The more I learned, the more my chewing slowed; once easy swallows fast becoming slow knotted gulps.

They slept in the van, only going home on the two days off (and with right-now-writing-this hindsight, I only have their word for that last bit). This was way before the internet and the plethora of wireless access to entertainment that comes with it. There really wasn’t much for them to do in there for entertainment bar the obvious – right in that thin little gap between the serving counter and grill too.

My memory is hazy at this point. Did I follow-up in a daze or was the information freely offered up, possibly in revenge for the t-shirts I’d recently sold them that’d immediately shrunk? . . . Either way, at the news they both had a quick stand-up wash-down at the van’s sink before cracking on every morning, runny eggs fast became the last thing I was in the mood for.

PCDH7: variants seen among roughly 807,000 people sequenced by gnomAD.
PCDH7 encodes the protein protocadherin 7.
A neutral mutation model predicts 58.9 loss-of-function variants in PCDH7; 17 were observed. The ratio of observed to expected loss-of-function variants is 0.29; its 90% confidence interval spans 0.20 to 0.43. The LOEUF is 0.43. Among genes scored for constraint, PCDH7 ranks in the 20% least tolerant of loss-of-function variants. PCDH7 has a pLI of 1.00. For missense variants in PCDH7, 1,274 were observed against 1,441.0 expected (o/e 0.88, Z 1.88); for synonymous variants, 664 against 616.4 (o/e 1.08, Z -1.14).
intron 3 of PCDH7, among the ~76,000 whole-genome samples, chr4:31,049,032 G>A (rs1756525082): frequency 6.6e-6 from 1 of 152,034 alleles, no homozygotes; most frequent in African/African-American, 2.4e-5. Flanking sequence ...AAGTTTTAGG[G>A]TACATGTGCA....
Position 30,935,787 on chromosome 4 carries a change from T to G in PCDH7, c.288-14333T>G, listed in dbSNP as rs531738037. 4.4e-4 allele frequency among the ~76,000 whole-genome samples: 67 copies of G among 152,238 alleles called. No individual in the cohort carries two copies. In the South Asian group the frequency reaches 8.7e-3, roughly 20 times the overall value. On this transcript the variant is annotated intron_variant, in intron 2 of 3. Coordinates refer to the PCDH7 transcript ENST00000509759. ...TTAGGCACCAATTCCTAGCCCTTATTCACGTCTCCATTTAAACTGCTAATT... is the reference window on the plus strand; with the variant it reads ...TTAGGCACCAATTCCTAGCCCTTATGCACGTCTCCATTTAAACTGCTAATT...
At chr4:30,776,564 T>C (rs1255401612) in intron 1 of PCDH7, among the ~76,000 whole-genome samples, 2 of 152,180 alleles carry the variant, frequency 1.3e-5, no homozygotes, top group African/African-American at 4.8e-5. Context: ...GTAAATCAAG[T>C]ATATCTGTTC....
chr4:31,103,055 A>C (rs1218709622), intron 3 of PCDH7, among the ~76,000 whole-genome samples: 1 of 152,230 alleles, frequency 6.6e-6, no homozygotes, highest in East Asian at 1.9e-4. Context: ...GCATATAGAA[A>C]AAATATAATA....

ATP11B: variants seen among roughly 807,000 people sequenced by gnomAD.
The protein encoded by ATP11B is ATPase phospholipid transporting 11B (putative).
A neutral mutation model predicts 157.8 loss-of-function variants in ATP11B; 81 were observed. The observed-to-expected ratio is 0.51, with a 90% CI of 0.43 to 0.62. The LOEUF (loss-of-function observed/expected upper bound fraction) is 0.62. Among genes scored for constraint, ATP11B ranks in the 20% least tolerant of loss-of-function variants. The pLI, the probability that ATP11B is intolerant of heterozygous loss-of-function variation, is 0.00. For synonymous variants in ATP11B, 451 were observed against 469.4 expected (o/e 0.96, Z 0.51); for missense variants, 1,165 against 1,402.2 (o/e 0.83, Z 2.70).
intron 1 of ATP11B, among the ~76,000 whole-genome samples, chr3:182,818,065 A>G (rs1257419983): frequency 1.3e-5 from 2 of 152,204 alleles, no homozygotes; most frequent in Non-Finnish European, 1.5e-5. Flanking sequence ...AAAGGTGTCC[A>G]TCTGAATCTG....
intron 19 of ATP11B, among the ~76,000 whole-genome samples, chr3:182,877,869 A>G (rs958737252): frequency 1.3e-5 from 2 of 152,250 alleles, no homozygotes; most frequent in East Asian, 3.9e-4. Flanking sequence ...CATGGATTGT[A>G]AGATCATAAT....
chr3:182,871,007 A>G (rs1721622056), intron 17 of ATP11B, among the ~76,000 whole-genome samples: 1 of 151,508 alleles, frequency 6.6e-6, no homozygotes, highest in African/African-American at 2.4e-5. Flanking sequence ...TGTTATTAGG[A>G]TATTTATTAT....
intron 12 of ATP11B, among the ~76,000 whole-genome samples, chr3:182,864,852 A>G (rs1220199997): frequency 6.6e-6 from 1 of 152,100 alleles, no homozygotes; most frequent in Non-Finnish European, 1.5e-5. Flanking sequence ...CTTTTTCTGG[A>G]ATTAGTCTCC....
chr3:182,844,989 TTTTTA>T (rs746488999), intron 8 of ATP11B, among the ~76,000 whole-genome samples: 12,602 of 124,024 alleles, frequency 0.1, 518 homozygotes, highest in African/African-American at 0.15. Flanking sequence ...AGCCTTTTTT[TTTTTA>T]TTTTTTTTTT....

The only picture I could find online showing the front of Beanos while in its Surrey St location, the only place I ever knew it in. Its sign can be seen top left; round with the word ‘Beanos’ running through. I spent a lot of time in that place circa 83/4 and still have cherished vinyl with the Beanos sticker on – an ‘A B C’ condition guide. It’s also the second time in a matter of months that I’ve only been able to find one pic of a ‘landmark’ from my past – the other being in About. I’m not that old already, surely?!

More in Songs Mr. T. Taught Me